by Paula Gail Benson
During this time when we are celebrating our new red stilettos logo, I thought it might be fun to seek out some “red” mystery short stories. Thanks to the internet, I quickly located three--two familiar and one new to me--with the word “red” in the title.
The earliest is Sir Arthur Conan Doyle’s “The Red-Headed League,” a Sherlock Holmes adventure, which, according to Wikipedia, was published in The Strand magazine in August of 1891 and ranked by Conan Doyle as his second favorite Holmes story. The person who instigates this investigation is “a florid-faced, elderly gentleman, with fiery red hair.” This gentleman, Mr. Jabez Wilson, a pawnbroker by profession, responded to an advertisement for “the Red-Headed League” and was hired to fill the opening, to write out portions from an encyclopedia for four pounds a week (again, according to Wikipedia, that’s currently equivalent to 400 pounds a week). Mr. Wilson’s job ended as abruptly as it began and he came to Sherlock Holmes to find out why his stream of income had vanished. Holmes begins by laughing at the situation, then considering it in earnest. The answer was: Mr. Wilson had been diverted from his ordinary business so he would not notice some pending criminal activity.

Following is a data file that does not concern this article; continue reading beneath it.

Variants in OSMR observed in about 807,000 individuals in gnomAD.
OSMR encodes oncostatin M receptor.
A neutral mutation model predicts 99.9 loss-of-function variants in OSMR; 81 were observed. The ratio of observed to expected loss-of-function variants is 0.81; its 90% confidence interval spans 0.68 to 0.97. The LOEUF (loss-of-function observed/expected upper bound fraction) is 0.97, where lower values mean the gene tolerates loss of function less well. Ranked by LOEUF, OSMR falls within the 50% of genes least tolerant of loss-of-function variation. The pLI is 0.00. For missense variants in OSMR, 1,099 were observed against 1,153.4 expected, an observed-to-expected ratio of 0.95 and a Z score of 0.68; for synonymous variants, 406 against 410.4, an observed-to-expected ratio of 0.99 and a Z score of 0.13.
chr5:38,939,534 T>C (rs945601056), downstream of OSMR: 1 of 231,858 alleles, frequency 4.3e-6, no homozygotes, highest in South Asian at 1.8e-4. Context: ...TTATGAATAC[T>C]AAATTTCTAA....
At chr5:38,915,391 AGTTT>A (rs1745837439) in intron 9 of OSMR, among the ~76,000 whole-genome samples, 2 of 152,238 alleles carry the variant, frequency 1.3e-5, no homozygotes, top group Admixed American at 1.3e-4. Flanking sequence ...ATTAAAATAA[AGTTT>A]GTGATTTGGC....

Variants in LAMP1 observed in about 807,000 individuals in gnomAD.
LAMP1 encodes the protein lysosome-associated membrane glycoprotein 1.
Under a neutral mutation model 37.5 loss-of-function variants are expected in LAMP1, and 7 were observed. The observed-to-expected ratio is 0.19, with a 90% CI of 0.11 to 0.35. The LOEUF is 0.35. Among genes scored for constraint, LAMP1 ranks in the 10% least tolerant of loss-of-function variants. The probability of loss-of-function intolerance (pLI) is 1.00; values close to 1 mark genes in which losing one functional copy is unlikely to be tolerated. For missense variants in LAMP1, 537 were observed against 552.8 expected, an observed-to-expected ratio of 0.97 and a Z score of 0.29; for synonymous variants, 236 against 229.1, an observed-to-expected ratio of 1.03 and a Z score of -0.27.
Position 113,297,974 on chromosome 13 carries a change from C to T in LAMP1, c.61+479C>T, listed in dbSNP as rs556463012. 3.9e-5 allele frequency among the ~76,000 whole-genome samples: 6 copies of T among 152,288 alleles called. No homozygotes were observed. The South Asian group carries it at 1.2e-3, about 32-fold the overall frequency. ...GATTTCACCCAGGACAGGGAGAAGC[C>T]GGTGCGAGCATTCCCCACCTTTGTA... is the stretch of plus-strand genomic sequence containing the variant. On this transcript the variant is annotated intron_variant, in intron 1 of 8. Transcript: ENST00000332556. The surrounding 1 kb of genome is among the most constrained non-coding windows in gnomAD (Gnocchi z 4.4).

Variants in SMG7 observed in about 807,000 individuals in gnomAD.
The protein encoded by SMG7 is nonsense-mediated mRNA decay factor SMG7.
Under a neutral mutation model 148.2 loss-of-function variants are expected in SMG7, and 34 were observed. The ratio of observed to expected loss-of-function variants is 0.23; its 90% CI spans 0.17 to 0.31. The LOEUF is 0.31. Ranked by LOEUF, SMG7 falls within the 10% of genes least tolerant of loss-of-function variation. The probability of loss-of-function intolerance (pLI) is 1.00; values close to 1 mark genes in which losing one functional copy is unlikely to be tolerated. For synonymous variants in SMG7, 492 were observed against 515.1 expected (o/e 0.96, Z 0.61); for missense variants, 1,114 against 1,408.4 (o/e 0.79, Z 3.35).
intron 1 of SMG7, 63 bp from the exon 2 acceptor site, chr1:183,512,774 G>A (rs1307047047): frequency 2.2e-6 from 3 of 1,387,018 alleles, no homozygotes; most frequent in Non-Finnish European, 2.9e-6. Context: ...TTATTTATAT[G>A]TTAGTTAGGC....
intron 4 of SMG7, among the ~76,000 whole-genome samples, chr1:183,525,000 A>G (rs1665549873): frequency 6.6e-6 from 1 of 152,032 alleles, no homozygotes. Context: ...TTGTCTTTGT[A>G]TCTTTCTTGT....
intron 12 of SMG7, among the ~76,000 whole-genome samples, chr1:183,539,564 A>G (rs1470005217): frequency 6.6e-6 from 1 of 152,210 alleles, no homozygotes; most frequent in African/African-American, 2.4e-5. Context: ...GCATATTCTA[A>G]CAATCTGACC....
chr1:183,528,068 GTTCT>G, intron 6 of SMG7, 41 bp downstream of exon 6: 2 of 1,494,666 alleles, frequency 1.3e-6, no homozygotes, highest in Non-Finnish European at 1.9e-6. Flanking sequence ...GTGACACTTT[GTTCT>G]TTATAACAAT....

Second, is O. Henry’s “The Ransom of Red Chief,” published in the Saturday Evening Post in 1910, and now known more for its parodies than the actual story of thieves who kidnap an important man’s son, but end up paying to have the father take him back. The “red” comes from the kidnap victim’s hair color and the fact that he refers to himself as “Red Chief.”
The last is a new story to me, but one Raymond Chandler fans will recognize as a Philip Marlowe tale. Initially published in 1938, “Red Wind” begins with Marlowe having a drink at the bar across from his office and watching a man enter, then be killed by another man.
Often writers are advised never to open with the weather. Not only does “Red Wind” break that rule (“There was a desert wind blowing that night. It was one of those hot dry Santa Anas that come down through the mountain passes and curl your hair and make your nerves jump and your skin itch. On nights like that every booze party ends in a fight. Meek little wives feel the edge of the carving knife and study their husbands’ necks. Anything can happen. You can even get a full glass of beer at a cocktail lounge.”), but uses the wind throughout the story as a symbol of the unrest in the characters’ lives.
Finding Doyle’s and Henry’s stories is easy with versions available on the internet. Chandler’s is in an anthology that costs $30 plus or in an audio version read by Elliott Gould for just under ten dollars. I downloaded a Kindle version that had been translated into Korean, but also had the English text. Marlowe’s narration is so absorbing, I hurriedly skipped over the interspersed translated portions!
What “red” stories have you read lately?